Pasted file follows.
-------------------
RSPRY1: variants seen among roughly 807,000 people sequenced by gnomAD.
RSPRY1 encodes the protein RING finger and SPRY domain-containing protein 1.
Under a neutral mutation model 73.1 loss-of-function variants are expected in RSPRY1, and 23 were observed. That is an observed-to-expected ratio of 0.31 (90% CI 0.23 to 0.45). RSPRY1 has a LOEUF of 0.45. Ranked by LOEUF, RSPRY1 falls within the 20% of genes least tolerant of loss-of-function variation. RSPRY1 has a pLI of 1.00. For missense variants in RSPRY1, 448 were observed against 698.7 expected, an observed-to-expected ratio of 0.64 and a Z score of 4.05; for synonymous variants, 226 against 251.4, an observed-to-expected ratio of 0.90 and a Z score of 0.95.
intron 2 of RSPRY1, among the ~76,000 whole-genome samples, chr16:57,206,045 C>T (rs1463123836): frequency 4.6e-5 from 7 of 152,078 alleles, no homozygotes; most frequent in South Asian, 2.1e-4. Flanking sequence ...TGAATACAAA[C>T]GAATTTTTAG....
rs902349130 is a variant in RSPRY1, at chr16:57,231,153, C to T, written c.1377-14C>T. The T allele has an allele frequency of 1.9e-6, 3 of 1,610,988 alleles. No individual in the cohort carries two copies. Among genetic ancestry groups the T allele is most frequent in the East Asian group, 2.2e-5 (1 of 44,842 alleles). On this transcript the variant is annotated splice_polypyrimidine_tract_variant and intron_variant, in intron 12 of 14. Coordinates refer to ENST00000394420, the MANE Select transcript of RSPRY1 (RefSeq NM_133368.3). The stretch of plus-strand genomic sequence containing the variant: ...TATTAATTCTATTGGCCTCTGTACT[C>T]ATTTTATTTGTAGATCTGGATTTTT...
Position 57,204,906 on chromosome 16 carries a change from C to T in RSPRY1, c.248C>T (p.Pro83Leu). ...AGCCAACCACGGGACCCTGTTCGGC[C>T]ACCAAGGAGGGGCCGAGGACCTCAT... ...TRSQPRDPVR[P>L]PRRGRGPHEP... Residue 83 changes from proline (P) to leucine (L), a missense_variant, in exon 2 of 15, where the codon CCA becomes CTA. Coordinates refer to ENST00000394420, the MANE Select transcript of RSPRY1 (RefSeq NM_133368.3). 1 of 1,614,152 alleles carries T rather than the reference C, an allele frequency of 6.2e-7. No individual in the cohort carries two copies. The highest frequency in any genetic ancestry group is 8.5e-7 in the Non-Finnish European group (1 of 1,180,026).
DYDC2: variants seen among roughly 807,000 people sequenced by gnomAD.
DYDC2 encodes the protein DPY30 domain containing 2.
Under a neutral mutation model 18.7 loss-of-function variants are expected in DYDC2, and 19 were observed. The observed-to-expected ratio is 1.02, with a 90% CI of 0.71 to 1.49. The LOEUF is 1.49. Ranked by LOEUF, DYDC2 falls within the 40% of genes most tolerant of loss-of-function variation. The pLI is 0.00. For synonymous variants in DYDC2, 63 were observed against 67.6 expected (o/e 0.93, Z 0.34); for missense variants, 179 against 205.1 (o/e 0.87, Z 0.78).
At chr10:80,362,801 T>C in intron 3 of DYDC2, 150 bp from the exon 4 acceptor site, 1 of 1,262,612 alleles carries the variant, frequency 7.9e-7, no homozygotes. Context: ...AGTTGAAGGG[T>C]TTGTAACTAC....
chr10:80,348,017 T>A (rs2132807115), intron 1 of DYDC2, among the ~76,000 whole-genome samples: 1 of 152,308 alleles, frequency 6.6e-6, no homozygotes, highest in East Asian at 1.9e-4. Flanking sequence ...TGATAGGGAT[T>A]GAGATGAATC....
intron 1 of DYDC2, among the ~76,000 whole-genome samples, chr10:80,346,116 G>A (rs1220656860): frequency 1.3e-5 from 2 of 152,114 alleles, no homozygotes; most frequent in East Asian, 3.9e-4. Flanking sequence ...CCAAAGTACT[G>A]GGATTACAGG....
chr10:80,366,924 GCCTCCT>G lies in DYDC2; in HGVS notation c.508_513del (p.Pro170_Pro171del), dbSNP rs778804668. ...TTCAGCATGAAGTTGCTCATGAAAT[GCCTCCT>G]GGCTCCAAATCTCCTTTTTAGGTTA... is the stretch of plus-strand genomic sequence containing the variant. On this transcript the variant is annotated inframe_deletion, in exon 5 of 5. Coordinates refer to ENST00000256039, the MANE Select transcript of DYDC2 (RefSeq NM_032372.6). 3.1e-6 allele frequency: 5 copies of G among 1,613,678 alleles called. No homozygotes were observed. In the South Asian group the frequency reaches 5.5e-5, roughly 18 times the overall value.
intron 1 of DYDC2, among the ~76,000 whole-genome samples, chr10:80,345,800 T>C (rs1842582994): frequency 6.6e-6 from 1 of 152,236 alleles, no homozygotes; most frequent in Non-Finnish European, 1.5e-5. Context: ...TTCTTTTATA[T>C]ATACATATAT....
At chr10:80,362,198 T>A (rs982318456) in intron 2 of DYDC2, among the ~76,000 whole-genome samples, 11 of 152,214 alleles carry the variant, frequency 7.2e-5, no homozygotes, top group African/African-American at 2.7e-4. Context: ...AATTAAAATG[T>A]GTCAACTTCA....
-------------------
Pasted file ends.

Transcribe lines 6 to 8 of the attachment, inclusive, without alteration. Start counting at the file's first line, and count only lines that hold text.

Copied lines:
Position 57,204,906 on chromosome 16 carries a change from C to T in RSPRY1, c.248C>T (p.Pro83Leu). ...AGCCAACCACGGGACCCTGTTCGGC[C>T]ACCAAGGAGGGGCCGAGGACCTCAT... ...TRSQPRDPVR[P>L]PRRGRGPHEP... Residue 83 changes from proline (P) to leucine (L), a missense_variant, in exon 2 of 15, where the codon CCA becomes CTA. Coordinates refer to ENST00000394420, the MANE Select transcript of RSPRY1 (RefSeq NM_133368.3). 1 of 1,614,152 alleles carries T rather than the reference C, an allele frequency of 6.2e-7. No individual in the cohort carries two copies. The highest frequency in any genetic ancestry group is 8.5e-7 in the Non-Finnish European group (1 of 1,180,026).
DYDC2: variants seen among roughly 807,000 people sequenced by gnomAD.
DYDC2 encodes the protein DPY30 domain containing 2.